Norma Only Catches Fire Intermittently
War Memorial Opera House
11/07/1998 - and 10, 15*, 18, 21, 24, and 28 November 1998
Vincenzo Bellini: Norma
Carol Vaness (Norma), Anna Caterina Antonacci (Adalgisa), Michael Sylvester (Pollione), Andrea Silvestrelli (Oroveso), Christina Lamberti (Clothilde), Gary Rideout (Flavio)
Orchestra and Chorus of the San Francisco Opera, Patrick Summers (Conductor)
Andrew Sinclair (Director)
The title role of Bellini’s bel canto masterpiece, Norma, is one of the supreme challenges for the soprano, demanding not only a formidable technical mastery and a voice capable of an enormous palette of colors, but also an emotional and dramatic range to match. Norma is priestess, lover, mother, daughter and leader. She is tender, jealous, ferocious, courageous, noble, petty, fearful, and much more. It is not a role for ordinary singers and the successful exponents of the role have all been extraordinary - Callas, Caballe and Sutherland to name some of the more recent ones.
The current revival of Norma features Carol Vaness as the druid priestess along with Anna Caterina Antonacci as Adalgisa, Michael Sylvester as Pollione and Andrea Silvestrelli as Oroveso.
Debuting in the role, Silvestrelli shows great promise with a rich rolling sound and a smooth elegant production. Despite the best efforts of the wig and make up department, his youthful presence hardly suggested the aged druid, but Silvestrelli wisely avoided the trap of artificially darkening his voice and opted instead for a satisfying, honest vocal production with firm bel canto values.
Vocally, Sylvester provided variable results as Pollione. Sometimes bright and heroic tones poured forth with apparent ease, while at others he seemed hard pressed to complete a phrase comfortably. There is no doubt that he has the resources to sing the role well, but the variable results indicate an unreliable, unfinished technique. Dramatically, Sylvester remained uninvolved throughout.
Antonacci’s light, lyric mezzo suits the role of the presumably younger priestess, Adalgisa better than the frequently cast heavier mezzos and she imbued the role with musicality and a touching, sympathetic portrayal. However, at least in the performance reviewed, she also revealed a thin white-toned top, not easily accessed and exposed more often than necessary due to some ill-advised embellishments. There were also noticeable pitch problems, particularly in the duet "Mira O Norma". But her middle and lower registers were warm and full-toned without any hint of strain or muddiness. But the success of any Norma rests with the soprano and Carol Vaness provided mixed results. From start to finish, she commanded the stage with her physical presence. Stalking about, fiercely defiant and proudly authoritative before the druids, equally passionate in her personal live and about those around her, Vaness seized upon the dramatic possibilities of the role aggressively and confidently.
Less assured was her vocal command of the role. Her opening scene with the long recitative and demanding "Casta Diva" found Vaness pushing her voice to sound strong and commanding. The result unfortunately was a tight, underpowered tone that lacked freedom and resonance. Throughout the first act, she sounded as if in serious vocal difficulties, straining for the top notes, avoiding the optional high ones and easily overpowered by the other singers. In the second act, she relaxed and her singing of the opening monologue found her in better shape, with an attractive core of sound and a free ringing top that eluded her earlier. It was a case of less being more and the direction she needs to follow for a more satisfying complete performance.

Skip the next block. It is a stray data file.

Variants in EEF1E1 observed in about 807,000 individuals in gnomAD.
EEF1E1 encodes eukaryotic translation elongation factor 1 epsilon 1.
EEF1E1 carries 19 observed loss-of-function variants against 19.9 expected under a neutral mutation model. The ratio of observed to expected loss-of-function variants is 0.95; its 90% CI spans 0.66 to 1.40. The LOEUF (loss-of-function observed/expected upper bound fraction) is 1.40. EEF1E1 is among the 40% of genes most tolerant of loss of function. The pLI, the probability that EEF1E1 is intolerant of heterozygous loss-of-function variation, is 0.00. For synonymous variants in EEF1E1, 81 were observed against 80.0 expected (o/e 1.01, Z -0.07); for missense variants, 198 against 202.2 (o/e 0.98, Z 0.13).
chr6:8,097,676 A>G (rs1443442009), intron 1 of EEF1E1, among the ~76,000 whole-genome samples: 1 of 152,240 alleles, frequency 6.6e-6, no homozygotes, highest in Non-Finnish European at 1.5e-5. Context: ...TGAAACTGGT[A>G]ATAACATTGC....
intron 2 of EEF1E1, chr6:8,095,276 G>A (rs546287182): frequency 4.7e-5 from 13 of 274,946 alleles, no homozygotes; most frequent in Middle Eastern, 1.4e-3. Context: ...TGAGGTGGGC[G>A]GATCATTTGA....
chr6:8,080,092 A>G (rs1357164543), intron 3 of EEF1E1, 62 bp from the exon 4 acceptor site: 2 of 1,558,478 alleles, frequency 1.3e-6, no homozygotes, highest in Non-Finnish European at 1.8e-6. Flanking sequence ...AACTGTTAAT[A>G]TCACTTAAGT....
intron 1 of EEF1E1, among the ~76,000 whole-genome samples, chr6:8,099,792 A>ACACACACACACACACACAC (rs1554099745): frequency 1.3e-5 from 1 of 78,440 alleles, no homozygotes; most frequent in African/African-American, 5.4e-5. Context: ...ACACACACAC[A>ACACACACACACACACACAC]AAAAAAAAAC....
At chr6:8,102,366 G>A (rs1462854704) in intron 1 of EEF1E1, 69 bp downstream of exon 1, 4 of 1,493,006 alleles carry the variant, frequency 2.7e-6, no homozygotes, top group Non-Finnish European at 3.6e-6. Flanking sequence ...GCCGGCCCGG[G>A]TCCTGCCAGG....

Vaness looked stunning in a series of flattering new costumes designed by Robert Perdziola who also provided new costumes for Adalgisa. Aside from those changes, the old setting and costumes by Jose Luciano Varona were used and the best that can be said for them is that the scene changes were fairly swift. But that is about their sole virtue and are a rather hideous collection of vaguely organic shapes that are best quickly forgotten.
To give new life to the dramatic side of Norma, stage director Andrew Sinclair introduced the occasional novelty such as human sacrifice, with Norma herself doing the deed to the melismatic strains of "Casta Diva".
But for the most part, the infusion of drama was the work of Vaness and conductor Patrick Summers who managed to provide both firm, authoritative leadership in the pit and flexible, sensitive support to his cast. From a brisk-tempoed overture, Summers built the first scene in one long arch peaking with Norma's invocation to the chaste goddess of the moon. He showed a similar finesse with each scene succeeding scene and ending with a superbly calibrated finale ensemble full of majesty and expansive grandeur.
Whether one expects an opera like Norma to be a dramatically viable work or just a vehicle for displays of vocal prowess, the San Francisco Opera's production showed that clearly both are needed for the opera to work. At the times when the level of singing matched the level of dramatic fire, the piece blazed with life. The potential was there for greatness, but it often went unrealized, leaving only the tantalizing glimpses of greatness.